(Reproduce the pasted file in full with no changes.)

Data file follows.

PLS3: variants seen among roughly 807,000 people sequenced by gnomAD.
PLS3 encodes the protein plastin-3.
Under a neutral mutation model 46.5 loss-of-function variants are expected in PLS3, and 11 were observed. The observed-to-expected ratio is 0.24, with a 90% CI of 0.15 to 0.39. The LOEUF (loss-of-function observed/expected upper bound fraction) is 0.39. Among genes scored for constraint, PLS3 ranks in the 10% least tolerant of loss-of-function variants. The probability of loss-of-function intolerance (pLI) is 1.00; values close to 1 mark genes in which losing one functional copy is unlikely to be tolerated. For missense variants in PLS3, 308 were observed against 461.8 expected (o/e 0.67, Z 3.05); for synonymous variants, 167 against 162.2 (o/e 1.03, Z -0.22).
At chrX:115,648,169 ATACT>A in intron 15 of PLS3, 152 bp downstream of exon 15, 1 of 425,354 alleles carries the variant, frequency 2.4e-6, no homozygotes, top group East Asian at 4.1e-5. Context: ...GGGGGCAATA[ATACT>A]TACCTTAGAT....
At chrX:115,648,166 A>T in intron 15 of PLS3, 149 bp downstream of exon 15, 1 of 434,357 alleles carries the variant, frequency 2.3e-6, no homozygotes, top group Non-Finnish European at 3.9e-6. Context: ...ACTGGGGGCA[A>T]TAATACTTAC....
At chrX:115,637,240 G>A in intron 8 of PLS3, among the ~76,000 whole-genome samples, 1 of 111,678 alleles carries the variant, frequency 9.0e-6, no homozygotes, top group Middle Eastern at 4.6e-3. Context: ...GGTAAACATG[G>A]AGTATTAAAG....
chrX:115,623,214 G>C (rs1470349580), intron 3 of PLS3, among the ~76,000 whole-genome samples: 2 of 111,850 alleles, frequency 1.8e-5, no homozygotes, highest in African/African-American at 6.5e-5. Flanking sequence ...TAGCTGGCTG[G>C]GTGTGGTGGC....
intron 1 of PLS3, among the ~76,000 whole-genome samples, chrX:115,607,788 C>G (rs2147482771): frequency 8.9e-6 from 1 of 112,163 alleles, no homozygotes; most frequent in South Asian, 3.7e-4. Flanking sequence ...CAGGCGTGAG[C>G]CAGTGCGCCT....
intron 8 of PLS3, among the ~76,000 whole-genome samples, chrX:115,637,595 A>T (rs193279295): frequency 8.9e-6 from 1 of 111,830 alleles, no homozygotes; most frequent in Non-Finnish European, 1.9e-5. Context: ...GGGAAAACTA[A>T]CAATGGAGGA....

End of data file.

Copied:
PLS3: variants seen among roughly 807,000 people sequenced by gnomAD.
PLS3 encodes the protein plastin-3.
Under a neutral mutation model 46.5 loss-of-function variants are expected in PLS3, and 11 were observed. The observed-to-expected ratio is 0.24, with a 90% CI of 0.15 to 0.39. The LOEUF (loss-of-function observed/expected upper bound fraction) is 0.39. Among genes scored for constraint, PLS3 ranks in the 10% least tolerant of loss-of-function variants. The probability of loss-of-function intolerance (pLI) is 1.00; values close to 1 mark genes in which losing one functional copy is unlikely to be tolerated. For missense variants in PLS3, 308 were observed against 461.8 expected (o/e 0.67, Z 3.05); for synonymous variants, 167 against 162.2 (o/e 1.03, Z -0.22).
At chrX:115,648,169 ATACT>A in intron 15 of PLS3, 152 bp downstream of exon 15, 1 of 425,354 alleles carries the variant, frequency 2.4e-6, no homozygotes, top group East Asian at 4.1e-5. Context: ...GGGGGCAATA[ATACT>A]TACCTTAGAT....
At chrX:115,648,166 A>T in intron 15 of PLS3, 149 bp downstream of exon 15, 1 of 434,357 alleles carries the variant, frequency 2.3e-6, no homozygotes, top group Non-Finnish European at 3.9e-6. Context: ...ACTGGGGGCA[A>T]TAATACTTAC....
At chrX:115,637,240 G>A in intron 8 of PLS3, among the ~76,000 whole-genome samples, 1 of 111,678 alleles carries the variant, frequency 9.0e-6, no homozygotes, top group Middle Eastern at 4.6e-3. Context: ...GGTAAACATG[G>A]AGTATTAAAG....
chrX:115,623,214 G>C (rs1470349580), intron 3 of PLS3, among the ~76,000 whole-genome samples: 2 of 111,850 alleles, frequency 1.8e-5, no homozygotes, highest in African/African-American at 6.5e-5. Flanking sequence ...TAGCTGGCTG[G>C]GTGTGGTGGC....
intron 1 of PLS3, among the ~76,000 whole-genome samples, chrX:115,607,788 C>G (rs2147482771): frequency 8.9e-6 from 1 of 112,163 alleles, no homozygotes; most frequent in South Asian, 3.7e-4. Flanking sequence ...CAGGCGTGAG[C>G]CAGTGCGCCT....
intron 8 of PLS3, among the ~76,000 whole-genome samples, chrX:115,637,595 A>T (rs193279295): frequency 8.9e-6 from 1 of 111,830 alleles, no homozygotes; most frequent in Non-Finnish European, 1.9e-5. Context: ...GGGAAAACTA[A>T]CAATGGAGGA....